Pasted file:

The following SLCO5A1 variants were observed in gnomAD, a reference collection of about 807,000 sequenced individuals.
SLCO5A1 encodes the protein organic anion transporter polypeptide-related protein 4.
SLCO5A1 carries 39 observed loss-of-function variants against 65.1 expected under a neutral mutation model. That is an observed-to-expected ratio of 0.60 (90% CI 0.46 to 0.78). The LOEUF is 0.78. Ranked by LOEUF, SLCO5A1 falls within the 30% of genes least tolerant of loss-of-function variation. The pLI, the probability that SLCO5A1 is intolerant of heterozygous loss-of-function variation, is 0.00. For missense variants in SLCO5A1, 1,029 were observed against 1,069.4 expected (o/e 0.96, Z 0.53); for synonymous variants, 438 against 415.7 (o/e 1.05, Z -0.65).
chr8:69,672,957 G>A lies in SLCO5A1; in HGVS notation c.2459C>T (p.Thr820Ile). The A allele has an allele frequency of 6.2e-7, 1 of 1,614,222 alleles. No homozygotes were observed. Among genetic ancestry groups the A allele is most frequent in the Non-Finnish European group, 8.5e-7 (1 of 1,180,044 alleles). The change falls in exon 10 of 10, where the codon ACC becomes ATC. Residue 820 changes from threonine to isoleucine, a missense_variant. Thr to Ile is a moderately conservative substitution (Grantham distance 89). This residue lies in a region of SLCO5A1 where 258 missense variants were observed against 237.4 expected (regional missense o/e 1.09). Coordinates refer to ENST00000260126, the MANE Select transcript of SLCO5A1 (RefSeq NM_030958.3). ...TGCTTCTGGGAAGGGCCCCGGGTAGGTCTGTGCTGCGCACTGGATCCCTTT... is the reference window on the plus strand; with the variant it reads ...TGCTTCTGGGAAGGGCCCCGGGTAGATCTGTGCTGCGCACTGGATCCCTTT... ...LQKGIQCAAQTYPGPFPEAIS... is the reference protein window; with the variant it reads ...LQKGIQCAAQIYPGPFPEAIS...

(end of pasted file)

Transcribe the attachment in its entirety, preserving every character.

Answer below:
The following SLCO5A1 variants were observed in gnomAD, a reference collection of about 807,000 sequenced individuals.
SLCO5A1 encodes the protein organic anion transporter polypeptide-related protein 4.
SLCO5A1 carries 39 observed loss-of-function variants against 65.1 expected under a neutral mutation model. That is an observed-to-expected ratio of 0.60 (90% CI 0.46 to 0.78). The LOEUF is 0.78. Ranked by LOEUF, SLCO5A1 falls within the 30% of genes least tolerant of loss-of-function variation. The pLI, the probability that SLCO5A1 is intolerant of heterozygous loss-of-function variation, is 0.00. For missense variants in SLCO5A1, 1,029 were observed against 1,069.4 expected (o/e 0.96, Z 0.53); for synonymous variants, 438 against 415.7 (o/e 1.05, Z -0.65).
chr8:69,672,957 G>A lies in SLCO5A1; in HGVS notation c.2459C>T (p.Thr820Ile). The A allele has an allele frequency of 6.2e-7, 1 of 1,614,222 alleles. No homozygotes were observed. Among genetic ancestry groups the A allele is most frequent in the Non-Finnish European group, 8.5e-7 (1 of 1,180,044 alleles). The change falls in exon 10 of 10, where the codon ACC becomes ATC. Residue 820 changes from threonine to isoleucine, a missense_variant. Thr to Ile is a moderately conservative substitution (Grantham distance 89). This residue lies in a region of SLCO5A1 where 258 missense variants were observed against 237.4 expected (regional missense o/e 1.09). Coordinates refer to ENST00000260126, the MANE Select transcript of SLCO5A1 (RefSeq NM_030958.3). ...TGCTTCTGGGAAGGGCCCCGGGTAGGTCTGTGCTGCGCACTGGATCCCTTT... is the reference window on the plus strand; with the variant it reads ...TGCTTCTGGGAAGGGCCCCGGGTAGATCTGTGCTGCGCACTGGATCCCTTT... ...LQKGIQCAAQTYPGPFPEAIS... is the reference protein window; with the variant it reads ...LQKGIQCAAQIYPGPFPEAIS...